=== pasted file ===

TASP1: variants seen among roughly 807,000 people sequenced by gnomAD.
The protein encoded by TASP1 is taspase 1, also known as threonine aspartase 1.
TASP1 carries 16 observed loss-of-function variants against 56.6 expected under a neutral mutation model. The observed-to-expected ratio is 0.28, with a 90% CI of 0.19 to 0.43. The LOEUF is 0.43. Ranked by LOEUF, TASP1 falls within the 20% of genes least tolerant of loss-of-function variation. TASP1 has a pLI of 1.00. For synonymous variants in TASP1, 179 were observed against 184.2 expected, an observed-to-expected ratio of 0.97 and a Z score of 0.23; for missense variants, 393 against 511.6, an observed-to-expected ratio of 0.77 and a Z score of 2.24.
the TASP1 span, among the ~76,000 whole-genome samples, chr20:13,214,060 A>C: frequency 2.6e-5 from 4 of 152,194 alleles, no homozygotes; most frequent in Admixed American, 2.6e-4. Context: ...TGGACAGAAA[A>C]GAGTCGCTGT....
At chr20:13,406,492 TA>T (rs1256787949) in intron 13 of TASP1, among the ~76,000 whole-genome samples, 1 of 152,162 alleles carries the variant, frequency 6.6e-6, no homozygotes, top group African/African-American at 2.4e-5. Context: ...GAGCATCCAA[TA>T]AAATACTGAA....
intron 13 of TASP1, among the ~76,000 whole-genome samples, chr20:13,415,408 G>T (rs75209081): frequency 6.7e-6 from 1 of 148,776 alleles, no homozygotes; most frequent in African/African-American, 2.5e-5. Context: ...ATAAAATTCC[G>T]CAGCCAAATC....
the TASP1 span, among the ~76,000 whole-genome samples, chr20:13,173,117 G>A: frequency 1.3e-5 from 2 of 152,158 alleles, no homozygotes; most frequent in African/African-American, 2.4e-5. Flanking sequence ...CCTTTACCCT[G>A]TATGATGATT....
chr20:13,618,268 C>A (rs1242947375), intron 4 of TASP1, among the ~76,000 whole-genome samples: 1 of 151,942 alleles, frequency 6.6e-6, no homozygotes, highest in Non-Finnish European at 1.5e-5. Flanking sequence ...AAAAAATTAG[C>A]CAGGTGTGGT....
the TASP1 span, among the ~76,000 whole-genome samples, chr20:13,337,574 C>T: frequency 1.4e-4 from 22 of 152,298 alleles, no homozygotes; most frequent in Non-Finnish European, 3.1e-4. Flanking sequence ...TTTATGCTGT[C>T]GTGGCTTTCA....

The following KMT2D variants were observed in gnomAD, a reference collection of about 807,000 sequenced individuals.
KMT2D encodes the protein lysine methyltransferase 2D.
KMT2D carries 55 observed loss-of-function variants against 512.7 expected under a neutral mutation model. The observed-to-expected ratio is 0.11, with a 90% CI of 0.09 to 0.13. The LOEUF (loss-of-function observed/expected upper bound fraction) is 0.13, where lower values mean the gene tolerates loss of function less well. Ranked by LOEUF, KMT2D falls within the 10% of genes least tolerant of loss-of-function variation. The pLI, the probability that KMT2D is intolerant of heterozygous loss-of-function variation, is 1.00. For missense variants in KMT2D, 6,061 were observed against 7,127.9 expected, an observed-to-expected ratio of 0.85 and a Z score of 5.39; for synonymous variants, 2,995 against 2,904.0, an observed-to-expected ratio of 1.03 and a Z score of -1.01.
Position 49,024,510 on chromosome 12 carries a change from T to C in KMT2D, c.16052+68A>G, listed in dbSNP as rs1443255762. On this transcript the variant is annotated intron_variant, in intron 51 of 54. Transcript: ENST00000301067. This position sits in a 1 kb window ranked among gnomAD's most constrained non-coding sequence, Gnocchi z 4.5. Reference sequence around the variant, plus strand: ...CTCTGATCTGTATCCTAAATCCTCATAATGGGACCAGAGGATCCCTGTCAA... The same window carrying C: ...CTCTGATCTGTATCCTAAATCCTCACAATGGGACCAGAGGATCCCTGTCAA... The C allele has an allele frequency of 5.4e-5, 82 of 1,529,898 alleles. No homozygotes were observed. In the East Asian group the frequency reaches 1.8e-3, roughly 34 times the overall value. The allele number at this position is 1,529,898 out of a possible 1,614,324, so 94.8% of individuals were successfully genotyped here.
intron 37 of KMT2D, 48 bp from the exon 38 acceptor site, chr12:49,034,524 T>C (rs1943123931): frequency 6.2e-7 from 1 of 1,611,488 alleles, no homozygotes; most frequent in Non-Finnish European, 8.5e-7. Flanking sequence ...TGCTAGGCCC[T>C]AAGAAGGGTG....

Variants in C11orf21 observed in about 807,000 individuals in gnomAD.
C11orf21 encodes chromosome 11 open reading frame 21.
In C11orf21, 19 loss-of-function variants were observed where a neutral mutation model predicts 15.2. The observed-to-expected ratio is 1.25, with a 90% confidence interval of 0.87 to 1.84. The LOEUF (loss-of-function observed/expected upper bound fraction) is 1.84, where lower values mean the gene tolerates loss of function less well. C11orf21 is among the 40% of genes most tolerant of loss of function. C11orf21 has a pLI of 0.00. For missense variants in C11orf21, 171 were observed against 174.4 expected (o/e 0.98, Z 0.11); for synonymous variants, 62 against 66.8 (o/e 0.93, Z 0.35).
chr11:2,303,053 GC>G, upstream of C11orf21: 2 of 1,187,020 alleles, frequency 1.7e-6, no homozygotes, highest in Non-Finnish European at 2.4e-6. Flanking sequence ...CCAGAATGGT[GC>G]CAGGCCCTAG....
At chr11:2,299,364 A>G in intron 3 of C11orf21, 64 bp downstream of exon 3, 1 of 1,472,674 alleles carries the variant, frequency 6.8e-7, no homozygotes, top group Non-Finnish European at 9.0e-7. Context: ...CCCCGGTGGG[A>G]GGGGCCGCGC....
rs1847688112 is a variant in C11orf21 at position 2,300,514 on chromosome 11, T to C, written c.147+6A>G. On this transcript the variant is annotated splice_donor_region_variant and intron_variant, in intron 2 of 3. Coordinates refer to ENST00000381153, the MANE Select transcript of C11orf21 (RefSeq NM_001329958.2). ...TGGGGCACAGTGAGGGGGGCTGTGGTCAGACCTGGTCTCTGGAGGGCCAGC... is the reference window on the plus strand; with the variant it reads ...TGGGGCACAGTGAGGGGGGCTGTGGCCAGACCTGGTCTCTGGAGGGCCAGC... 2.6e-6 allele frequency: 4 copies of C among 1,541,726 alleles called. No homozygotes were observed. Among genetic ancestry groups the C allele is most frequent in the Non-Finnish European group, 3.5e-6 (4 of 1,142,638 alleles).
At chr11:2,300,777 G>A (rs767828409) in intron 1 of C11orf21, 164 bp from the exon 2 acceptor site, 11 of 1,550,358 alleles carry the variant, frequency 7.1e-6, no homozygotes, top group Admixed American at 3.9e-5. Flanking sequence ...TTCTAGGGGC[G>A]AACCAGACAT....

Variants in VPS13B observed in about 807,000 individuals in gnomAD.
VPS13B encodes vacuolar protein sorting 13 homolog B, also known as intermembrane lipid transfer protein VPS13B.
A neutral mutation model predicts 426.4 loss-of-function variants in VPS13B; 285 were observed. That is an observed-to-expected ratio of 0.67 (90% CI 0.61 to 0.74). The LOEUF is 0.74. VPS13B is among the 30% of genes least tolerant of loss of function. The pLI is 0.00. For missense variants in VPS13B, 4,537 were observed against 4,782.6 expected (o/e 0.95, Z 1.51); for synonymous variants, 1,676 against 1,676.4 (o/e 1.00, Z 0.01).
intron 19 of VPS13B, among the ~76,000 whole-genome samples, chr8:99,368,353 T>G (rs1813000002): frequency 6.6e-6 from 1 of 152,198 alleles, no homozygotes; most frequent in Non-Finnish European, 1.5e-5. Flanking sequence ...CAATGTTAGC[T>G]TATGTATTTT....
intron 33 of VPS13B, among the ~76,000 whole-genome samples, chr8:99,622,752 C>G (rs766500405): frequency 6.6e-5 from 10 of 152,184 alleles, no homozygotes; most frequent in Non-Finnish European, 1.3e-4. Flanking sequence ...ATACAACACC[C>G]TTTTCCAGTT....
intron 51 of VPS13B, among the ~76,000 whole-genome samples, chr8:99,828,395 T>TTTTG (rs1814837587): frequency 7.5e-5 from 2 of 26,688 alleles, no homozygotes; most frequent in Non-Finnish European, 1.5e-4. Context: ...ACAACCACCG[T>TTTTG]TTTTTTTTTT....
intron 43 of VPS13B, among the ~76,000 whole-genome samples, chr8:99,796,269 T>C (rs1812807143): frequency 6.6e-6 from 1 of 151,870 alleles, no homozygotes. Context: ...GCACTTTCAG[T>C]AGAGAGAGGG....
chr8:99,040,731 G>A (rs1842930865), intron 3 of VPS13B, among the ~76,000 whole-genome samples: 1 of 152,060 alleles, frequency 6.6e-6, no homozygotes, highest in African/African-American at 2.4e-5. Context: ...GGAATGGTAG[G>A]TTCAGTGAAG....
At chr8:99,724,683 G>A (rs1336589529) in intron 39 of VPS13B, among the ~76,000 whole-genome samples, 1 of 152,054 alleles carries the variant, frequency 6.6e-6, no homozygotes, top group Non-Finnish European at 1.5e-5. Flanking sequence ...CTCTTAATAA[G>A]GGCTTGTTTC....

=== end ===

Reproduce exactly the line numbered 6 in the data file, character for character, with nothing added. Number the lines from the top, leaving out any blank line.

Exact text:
intron 13 of TASP1, among the ~76,000 whole-genome samples, chr20:13,415,408 G>T (rs75209081): frequency 6.7e-6 from 1 of 148,776 alleles, no homozygotes; most frequent in African/African-American, 2.5e-5. Context: ...ATAAAATTCC[G>T]CAGCCAAATC....